Granite countertops have been on ongrowing demand. Slowly being detached from their expensive roots, these natural stones are now finding their way into people’s houses more than ever, with a vast selection of palettes and styles justifying a great cost-benefit further down the road. Still, many interior designers and homeowners stay curious as to where they come from: how are granite countertops made, after all? How do these products arrive? Is the price really in pair with production costs?
To find out the answers to these questions, keep reading this brief article. If you’d like to get a complete outlook on granite countertops and all their benefits, check out our definitive guide here.
What is granite?
Granite is a gorgeous, porous and (quite) rare natural stone found in the continental plates of the Earth’s crust. Formed in tors or in outcrops, many countries around the world have been exporting this material since the last century – the biggest exporters being Brazil, China, Germany, India and Italy.
Although way less accessible back in the day, commercial practices led granite to become a popular piece of decoration among American households. This is due to two things: durability against scratches and high resistance to drastic temperatures, desirable attributes to kitchen worktops and bathroom vanities especially. Add creative versatility and minimal maintenance on top of that, and you have yourself the perfect candidate for a long-term investment.
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How are granite countertops made?
So, knowing all that, how are granite countertops made in the first place? You see, the stone is made of interlocking crystals that are complemented by an array of minerals, which gives each piece a very distinct look.
The first step – a mining process that hasn’t changed in centuries – is to drill the worksite area, chisel the stone and blast it out of quarries in huge, large blocks up to 11 feet (3.5 meters) long, 6 feet (2 meters) wide and 8 feet (2.5 meters) thick. These blocks are then either moved to a nearby facility or cut into workable slabs by milling machines right there.
The stone is so hard, though, that this massive cutting process is only possible with a diamond-edged saw. On pads, this blade also polishes up the granite into uniform thickness, usually about three quarters of an inch to 1 ¼ inches (2-3 centimeters), a marvel of engineering. After everything is said and done, transportation depends entirely on the provider itself, requiring meticulous care to avoid any cracks and fissures in the stone.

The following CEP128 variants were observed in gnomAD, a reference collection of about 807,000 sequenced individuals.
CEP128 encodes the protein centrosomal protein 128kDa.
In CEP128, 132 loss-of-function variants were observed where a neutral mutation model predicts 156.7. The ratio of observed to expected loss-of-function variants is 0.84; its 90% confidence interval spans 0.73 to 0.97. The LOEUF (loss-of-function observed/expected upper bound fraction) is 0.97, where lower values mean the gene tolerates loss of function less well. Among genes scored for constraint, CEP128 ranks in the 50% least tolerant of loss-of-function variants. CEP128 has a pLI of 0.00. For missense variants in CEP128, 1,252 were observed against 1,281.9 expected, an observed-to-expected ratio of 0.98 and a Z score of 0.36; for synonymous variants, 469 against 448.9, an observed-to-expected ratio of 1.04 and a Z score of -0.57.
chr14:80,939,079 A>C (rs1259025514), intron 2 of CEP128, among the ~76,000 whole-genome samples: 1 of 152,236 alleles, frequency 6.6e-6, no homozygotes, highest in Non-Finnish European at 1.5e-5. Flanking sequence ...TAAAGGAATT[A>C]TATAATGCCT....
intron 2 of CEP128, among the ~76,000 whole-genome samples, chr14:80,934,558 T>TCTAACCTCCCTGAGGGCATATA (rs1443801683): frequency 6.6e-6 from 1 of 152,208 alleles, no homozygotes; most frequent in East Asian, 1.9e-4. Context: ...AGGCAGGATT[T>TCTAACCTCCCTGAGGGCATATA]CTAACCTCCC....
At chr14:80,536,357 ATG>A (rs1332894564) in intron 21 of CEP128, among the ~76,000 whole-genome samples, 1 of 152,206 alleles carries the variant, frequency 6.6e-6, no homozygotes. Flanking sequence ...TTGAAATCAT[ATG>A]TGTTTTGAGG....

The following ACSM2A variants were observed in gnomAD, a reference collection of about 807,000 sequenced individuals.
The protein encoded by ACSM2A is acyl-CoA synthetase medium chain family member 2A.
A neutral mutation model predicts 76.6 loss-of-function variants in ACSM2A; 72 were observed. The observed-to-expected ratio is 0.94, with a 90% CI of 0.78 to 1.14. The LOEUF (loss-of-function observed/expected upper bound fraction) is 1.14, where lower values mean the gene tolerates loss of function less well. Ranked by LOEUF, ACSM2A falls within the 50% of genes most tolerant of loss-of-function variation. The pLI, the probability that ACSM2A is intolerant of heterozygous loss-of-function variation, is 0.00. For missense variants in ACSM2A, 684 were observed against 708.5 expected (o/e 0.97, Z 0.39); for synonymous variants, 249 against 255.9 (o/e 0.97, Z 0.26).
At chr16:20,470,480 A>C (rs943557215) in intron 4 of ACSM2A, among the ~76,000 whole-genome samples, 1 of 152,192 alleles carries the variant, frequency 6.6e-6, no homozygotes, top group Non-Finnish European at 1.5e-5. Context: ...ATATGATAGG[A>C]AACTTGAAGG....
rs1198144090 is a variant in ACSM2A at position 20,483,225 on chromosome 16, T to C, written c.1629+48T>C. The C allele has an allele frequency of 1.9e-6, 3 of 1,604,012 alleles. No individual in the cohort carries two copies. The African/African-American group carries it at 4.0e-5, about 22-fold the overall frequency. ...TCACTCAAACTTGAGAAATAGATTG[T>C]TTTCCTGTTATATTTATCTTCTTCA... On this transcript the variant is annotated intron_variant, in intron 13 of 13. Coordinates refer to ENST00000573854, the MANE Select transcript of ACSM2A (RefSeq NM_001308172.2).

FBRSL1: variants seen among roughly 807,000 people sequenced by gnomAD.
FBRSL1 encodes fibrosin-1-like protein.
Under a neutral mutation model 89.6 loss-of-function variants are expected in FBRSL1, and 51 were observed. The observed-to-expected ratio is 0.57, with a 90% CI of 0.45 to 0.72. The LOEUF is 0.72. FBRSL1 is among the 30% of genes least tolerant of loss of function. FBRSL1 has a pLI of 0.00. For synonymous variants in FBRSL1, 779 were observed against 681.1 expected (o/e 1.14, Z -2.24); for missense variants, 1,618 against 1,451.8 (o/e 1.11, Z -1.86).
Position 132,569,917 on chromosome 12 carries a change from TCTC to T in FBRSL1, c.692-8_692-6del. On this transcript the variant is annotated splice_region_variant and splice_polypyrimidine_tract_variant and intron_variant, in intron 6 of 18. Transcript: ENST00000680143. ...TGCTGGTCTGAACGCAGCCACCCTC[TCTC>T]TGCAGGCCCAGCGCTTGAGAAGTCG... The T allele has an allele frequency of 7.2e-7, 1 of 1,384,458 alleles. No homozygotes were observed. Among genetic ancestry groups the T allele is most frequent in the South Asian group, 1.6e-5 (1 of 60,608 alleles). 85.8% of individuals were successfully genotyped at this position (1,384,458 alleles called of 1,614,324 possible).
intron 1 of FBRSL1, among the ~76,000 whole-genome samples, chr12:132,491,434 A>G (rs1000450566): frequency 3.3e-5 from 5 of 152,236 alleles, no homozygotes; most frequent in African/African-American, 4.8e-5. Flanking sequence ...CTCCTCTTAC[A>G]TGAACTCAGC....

Once there, raw granite is transformed into proper countertop surfaces by special tools, which shape their edges (waterfall, bullnose, and dupont to name a few) and drill holes to make for sinks, water pipes and cooktops. The various pieces (called slabs) are then glued down on the designated counter.
Of course, custom granite countertops will be influenced by the client’s preferences and molded accordingly, but the whole manufacturing follows these same rules. Additionally, sealing them will most likely be the final step in any installation, given that experts always recommend an extra layer of protection for porous stones like granite – which tends to absorb and retain liquids.
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Our professional team at Eagle Stones have been providing the city of Sarasota with the best international selection of natural stones you could ask for. Dating back to our roots in Brazil, our goal is to fulfill your dream project as soon as possible.
If you’d like to buy the ideal granite countertop for your home, don’t hesitate to contact us – we can even get you a free estimate on whatever you need, from installation to maintenance services!
We’ll be waiting for you. In case you’re also interested in paver stones, pay a quick visit to our branch at Eagle Pavers.